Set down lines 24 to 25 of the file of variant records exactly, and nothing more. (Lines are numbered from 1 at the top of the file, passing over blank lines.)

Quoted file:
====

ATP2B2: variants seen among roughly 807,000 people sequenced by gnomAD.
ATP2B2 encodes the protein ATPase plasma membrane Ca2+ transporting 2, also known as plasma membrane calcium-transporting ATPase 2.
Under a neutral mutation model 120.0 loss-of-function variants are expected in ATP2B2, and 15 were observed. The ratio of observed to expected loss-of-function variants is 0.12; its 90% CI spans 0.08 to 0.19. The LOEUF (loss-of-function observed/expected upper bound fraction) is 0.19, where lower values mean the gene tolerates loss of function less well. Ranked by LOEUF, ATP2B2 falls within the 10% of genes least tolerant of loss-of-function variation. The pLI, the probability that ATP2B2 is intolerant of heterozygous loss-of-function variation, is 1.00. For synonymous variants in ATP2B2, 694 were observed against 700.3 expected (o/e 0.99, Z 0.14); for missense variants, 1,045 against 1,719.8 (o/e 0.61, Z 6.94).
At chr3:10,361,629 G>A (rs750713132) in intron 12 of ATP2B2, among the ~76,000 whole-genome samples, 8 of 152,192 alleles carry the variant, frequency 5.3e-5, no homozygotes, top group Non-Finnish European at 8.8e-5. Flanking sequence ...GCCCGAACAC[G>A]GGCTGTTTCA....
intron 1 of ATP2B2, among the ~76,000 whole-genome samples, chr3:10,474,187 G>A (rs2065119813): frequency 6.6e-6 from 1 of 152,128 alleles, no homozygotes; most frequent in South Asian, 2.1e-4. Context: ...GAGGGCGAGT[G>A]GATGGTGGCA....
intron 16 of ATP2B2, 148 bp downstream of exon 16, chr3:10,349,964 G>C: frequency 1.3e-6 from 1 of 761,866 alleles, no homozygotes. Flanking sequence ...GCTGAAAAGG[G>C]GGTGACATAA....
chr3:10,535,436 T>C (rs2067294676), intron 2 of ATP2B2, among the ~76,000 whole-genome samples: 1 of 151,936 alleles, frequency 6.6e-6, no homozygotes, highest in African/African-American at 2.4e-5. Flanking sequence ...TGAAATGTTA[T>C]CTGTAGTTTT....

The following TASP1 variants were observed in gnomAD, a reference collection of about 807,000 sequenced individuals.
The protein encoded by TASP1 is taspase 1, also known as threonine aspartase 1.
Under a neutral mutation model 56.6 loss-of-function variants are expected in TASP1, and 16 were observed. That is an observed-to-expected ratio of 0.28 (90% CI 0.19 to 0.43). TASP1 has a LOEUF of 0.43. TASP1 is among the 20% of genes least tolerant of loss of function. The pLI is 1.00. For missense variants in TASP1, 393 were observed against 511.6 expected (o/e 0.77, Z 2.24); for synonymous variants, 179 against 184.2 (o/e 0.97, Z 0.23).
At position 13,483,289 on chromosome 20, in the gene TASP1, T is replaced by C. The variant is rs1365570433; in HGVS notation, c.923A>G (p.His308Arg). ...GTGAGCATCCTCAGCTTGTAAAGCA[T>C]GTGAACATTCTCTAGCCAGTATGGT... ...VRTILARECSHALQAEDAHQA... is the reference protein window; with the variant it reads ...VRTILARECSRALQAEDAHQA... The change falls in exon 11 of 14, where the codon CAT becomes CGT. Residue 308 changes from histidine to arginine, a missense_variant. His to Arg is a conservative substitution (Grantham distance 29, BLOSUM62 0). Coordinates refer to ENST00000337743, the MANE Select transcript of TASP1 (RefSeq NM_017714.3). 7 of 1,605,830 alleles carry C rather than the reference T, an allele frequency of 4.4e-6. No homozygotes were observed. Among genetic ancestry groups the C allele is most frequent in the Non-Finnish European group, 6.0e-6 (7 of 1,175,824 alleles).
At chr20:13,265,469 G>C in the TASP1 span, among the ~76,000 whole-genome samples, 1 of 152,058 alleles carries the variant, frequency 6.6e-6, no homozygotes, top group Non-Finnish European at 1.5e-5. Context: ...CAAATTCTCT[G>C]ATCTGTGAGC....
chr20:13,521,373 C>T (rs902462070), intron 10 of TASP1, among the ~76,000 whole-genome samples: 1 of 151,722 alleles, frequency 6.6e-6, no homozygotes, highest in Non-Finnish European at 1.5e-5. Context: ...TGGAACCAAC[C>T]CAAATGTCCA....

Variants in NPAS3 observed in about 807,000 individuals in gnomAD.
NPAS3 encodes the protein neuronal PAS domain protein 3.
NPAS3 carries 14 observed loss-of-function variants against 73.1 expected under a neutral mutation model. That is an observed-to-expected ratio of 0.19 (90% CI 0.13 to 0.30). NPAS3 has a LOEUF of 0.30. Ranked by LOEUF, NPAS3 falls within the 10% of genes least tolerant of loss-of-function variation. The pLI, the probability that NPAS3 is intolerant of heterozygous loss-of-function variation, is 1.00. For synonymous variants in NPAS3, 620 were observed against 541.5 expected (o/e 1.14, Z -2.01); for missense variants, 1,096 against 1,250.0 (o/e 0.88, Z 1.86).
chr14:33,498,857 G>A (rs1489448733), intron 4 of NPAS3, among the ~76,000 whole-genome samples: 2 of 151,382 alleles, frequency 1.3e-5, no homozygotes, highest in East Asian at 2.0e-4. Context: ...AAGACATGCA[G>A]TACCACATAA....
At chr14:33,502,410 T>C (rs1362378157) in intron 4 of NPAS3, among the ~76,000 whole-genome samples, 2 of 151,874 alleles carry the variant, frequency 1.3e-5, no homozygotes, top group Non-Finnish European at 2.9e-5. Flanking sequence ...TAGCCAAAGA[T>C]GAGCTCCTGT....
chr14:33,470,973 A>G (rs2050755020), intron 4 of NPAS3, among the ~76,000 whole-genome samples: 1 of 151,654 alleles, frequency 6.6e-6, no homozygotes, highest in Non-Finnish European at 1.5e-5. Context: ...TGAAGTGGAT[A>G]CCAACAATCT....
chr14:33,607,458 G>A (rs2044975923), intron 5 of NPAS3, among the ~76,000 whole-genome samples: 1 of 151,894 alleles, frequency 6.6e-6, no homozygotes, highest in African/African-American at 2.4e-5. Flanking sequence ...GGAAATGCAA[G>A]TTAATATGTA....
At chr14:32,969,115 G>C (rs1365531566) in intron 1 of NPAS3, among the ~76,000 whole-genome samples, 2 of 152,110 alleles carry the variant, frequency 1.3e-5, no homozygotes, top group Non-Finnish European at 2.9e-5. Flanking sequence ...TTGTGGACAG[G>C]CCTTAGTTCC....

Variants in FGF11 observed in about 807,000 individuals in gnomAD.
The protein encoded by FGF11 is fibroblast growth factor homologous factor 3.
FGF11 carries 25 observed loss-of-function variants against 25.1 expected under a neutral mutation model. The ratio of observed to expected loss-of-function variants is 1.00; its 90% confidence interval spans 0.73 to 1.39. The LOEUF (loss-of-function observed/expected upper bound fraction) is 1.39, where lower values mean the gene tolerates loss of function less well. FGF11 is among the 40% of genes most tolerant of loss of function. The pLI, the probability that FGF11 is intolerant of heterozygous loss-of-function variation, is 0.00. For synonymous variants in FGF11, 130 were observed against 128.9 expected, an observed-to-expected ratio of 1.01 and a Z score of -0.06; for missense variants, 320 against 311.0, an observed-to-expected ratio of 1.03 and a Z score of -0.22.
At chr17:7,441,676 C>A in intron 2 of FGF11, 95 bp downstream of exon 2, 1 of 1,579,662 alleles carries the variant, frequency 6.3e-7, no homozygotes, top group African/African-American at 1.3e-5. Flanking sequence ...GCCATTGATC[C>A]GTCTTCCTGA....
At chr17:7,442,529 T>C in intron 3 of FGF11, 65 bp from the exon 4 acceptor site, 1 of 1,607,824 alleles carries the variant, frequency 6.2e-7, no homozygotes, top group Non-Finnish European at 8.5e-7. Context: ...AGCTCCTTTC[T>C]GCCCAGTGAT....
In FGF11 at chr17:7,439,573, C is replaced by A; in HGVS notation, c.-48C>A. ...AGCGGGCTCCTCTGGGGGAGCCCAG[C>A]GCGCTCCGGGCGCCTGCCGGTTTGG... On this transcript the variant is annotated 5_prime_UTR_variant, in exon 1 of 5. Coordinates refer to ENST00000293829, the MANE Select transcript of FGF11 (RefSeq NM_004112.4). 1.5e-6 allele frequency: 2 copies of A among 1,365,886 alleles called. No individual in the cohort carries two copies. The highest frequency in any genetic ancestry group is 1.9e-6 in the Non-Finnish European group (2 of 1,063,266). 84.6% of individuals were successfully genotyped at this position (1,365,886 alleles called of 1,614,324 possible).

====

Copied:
FGF11 carries 25 observed loss-of-function variants against 25.1 expected under a neutral mutation model. The ratio of observed to expected loss-of-function variants is 1.00; its 90% confidence interval spans 0.73 to 1.39. The LOEUF (loss-of-function observed/expected upper bound fraction) is 1.39, where lower values mean the gene tolerates loss of function less well. FGF11 is among the 40% of genes most tolerant of loss of function. The pLI, the probability that FGF11 is intolerant of heterozygous loss-of-function variation, is 0.00. For synonymous variants in FGF11, 130 were observed against 128.9 expected, an observed-to-expected ratio of 1.01 and a Z score of -0.06; for missense variants, 320 against 311.0, an observed-to-expected ratio of 1.03 and a Z score of -0.22.
At chr17:7,441,676 C>A in intron 2 of FGF11, 95 bp downstream of exon 2, 1 of 1,579,662 alleles carries the variant, frequency 6.3e-7, no homozygotes, top group African/African-American at 1.3e-5. Flanking sequence ...GCCATTGATC[C>A]GTCTTCCTGA....